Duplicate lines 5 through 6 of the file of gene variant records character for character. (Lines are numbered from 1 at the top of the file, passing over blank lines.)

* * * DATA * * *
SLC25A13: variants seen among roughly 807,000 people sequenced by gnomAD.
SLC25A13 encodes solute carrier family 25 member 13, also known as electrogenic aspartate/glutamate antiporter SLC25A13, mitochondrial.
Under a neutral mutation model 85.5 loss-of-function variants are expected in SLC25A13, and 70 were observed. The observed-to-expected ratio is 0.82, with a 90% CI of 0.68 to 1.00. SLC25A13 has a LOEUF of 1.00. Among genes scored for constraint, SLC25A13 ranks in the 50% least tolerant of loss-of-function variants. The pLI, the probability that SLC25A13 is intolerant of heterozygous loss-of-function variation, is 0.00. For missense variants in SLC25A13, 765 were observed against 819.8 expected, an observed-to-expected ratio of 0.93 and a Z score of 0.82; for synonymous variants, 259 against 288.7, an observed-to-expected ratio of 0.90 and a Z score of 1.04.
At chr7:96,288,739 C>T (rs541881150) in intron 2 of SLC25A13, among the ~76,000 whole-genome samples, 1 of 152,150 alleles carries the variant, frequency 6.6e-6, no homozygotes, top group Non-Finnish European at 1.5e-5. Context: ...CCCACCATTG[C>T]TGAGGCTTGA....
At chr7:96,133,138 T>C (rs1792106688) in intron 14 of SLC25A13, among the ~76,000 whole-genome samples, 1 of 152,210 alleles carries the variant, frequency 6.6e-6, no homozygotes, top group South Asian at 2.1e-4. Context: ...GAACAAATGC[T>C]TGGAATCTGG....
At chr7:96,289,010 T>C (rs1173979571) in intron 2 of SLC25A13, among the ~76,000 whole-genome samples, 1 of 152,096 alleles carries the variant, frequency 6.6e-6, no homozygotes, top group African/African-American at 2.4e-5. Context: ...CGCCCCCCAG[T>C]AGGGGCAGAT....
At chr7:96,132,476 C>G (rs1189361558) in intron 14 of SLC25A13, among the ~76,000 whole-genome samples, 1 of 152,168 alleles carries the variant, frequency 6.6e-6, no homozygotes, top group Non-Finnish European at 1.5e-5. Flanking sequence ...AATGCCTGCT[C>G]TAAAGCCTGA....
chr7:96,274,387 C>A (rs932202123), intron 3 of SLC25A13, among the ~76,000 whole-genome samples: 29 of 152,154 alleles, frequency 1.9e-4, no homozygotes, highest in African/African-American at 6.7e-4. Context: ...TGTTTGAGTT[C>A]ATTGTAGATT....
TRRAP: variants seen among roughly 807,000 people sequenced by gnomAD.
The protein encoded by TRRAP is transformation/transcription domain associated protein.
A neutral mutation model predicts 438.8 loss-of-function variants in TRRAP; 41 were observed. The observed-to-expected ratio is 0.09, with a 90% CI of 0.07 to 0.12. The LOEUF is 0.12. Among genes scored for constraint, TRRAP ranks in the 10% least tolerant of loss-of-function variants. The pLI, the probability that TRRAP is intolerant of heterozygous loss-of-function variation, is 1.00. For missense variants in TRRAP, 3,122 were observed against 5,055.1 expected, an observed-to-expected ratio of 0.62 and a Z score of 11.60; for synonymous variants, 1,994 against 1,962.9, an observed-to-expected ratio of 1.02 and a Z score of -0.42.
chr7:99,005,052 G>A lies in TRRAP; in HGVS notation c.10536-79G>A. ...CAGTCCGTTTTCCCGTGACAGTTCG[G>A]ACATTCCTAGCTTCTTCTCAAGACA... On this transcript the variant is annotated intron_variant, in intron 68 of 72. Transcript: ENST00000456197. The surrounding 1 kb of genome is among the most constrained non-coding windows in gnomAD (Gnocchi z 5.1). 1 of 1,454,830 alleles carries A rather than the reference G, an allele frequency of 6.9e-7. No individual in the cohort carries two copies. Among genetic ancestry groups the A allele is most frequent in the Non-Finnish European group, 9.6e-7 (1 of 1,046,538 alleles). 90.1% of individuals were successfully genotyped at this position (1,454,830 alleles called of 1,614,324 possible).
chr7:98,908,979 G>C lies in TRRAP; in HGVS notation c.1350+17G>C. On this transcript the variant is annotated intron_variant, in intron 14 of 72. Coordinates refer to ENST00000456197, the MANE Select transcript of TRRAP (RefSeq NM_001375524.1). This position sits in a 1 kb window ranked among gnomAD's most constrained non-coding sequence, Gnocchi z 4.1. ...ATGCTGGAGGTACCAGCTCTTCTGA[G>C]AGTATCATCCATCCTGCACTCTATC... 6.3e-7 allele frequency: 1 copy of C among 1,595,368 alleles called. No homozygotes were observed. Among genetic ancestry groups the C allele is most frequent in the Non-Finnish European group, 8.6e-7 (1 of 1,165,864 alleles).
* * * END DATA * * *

At chr7:96,133,138 T>C (rs1792106688) in intron 14 of SLC25A13, among the ~76,000 whole-genome samples, 1 of 152,210 alleles carries the variant, frequency 6.6e-6, no homozygotes, top group South Asian at 2.1e-4. Context: ...GAACAAATGC[T>C]TGGAATCTGG....
At chr7:96,289,010 T>C (rs1173979571) in intron 2 of SLC25A13, among the ~76,000 whole-genome samples, 1 of 152,096 alleles carries the variant, frequency 6.6e-6, no homozygotes, top group African/African-American at 2.4e-5. Context: ...CGCCCCCCAG[T>C]AGGGGCAGAT....